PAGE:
Complex pattern of genome size variation in a polymorphic member of the Asteraceae
Article first published online: 27 OCT 2008
© 2008 The Authors. Journal compilation © 2008 Blackwell Publishing Ltd
Journal of Biogeography
Volume 36, Issue 2, pages 372–384, February 2009
How to Cite
Slovák, M., Vít, P., Urfus, T. and Suda, J. (2009), Complex pattern of genome size variation in a polymorphic member of the Asteraceae. Journal of Biogeography, 36: 372–384. doi: 10.1111/j.1365-2699.2008.02005.x
- Issue published online: 16 JAN 2009
- Article first published online: 27 OCT 2008
- DNA ploidy;
- flow cytometry;
- genome size variation;
- Picris hieracioides;
- propidium iodide;
Aim Although divergences in nuclear DNA content among different species within a genus are widely acknowledged, intraspecific variation is still a somewhat controversial issue. The aim of this study was to assess genome size variation in the polymorphic species Picris hieracioides L. (Asteraceae) and to search for potential interpretations of the size heterogeneity.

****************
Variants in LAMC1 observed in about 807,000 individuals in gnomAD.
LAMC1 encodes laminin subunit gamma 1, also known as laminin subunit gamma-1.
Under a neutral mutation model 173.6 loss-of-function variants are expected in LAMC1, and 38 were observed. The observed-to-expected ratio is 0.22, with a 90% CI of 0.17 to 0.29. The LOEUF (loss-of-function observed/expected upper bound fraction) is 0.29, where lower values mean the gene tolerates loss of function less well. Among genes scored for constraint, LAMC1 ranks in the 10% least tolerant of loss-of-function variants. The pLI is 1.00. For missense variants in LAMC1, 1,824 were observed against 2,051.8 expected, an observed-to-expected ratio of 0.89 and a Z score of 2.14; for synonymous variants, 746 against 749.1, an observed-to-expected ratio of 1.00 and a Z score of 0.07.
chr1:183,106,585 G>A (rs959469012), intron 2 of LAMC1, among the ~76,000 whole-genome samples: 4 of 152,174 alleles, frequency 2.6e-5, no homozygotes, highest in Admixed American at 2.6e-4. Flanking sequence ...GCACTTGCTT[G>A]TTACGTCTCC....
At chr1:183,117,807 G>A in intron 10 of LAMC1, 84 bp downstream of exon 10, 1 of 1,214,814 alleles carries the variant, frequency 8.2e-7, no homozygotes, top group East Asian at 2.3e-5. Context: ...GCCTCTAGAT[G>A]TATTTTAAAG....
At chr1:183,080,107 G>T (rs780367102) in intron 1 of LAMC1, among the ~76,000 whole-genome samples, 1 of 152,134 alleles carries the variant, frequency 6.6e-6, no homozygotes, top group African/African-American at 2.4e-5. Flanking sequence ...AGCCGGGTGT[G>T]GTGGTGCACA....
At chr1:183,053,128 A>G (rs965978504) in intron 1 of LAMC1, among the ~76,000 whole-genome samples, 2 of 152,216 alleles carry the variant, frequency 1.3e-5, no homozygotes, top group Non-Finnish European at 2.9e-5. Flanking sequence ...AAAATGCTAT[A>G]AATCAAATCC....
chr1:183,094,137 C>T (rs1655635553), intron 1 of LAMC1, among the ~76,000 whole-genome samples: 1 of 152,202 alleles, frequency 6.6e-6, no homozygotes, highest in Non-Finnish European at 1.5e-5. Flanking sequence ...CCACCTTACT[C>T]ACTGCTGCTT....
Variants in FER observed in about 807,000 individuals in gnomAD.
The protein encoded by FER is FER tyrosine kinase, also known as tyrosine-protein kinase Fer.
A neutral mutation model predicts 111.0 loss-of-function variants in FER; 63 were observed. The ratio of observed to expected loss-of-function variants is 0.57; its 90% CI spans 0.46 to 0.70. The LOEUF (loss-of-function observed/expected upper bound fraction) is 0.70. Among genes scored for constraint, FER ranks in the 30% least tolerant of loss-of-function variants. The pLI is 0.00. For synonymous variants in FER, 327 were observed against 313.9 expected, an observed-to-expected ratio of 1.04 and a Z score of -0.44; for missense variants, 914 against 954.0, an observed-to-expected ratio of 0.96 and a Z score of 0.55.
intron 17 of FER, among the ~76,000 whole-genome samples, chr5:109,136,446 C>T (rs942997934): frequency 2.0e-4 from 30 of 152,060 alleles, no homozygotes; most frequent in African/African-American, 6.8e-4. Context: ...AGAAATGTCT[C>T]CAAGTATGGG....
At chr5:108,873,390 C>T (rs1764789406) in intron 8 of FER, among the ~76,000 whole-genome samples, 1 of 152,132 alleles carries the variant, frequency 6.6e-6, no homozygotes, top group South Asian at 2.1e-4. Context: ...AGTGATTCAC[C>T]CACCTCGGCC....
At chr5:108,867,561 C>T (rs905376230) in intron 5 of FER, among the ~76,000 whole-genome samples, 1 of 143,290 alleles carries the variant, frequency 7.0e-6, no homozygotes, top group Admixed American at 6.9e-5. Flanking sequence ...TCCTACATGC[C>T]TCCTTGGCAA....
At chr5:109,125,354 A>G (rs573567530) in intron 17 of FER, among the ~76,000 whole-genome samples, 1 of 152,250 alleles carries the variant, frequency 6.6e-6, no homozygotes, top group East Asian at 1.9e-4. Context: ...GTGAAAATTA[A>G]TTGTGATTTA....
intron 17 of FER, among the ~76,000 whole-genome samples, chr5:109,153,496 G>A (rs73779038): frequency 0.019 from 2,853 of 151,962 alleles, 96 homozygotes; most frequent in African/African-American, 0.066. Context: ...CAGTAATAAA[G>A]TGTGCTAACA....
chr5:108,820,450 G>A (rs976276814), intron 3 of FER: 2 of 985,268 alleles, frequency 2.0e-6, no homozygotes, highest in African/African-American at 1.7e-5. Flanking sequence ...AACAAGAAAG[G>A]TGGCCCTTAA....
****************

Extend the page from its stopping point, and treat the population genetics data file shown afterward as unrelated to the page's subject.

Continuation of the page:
Methods The genome sizes of 179 plants of P. hieracioides collected from 54 populations distributed across 10 European countries were determined by propidium iodide flow cytometry. Differences in nuclear DNA content were confirmed in simultaneous analyses.
Results 2C-values (population means) at the diploid level varied from 2.26 to 3.11 pg, spanning a 1.37-fold range. The variation persisted even after splitting the whole data set into two recently distinguished morphotypes (i.e. the ‘Lower altitude’ type and the ‘Higher altitude’ type) that possess significantly different nuclear DNA contents. Cluster analysis revealed the presence of three major groups according to genome size, which exhibited a particular geographical pattern. Generally, the genome size of both morphotypes increased significantly from south-west to north-east. A new cytotype, DNA triploid, was found for the first time.
Main conclusions High intraspecific variation in the amount of nuclear DNA in P. hieracioides correlates with the extensive morphological variation found within the taxon. Despite the complex pattern that was presented, genome size variants were non-randomly distributed and reflected palaeovegetation history. We suggest that the complex evolutionary history of P. hieracioides (e.g. the existence of several cryptic lineages with different levels of cross-interactions) is the most plausible explanation for the observed heterogeneity in genome size.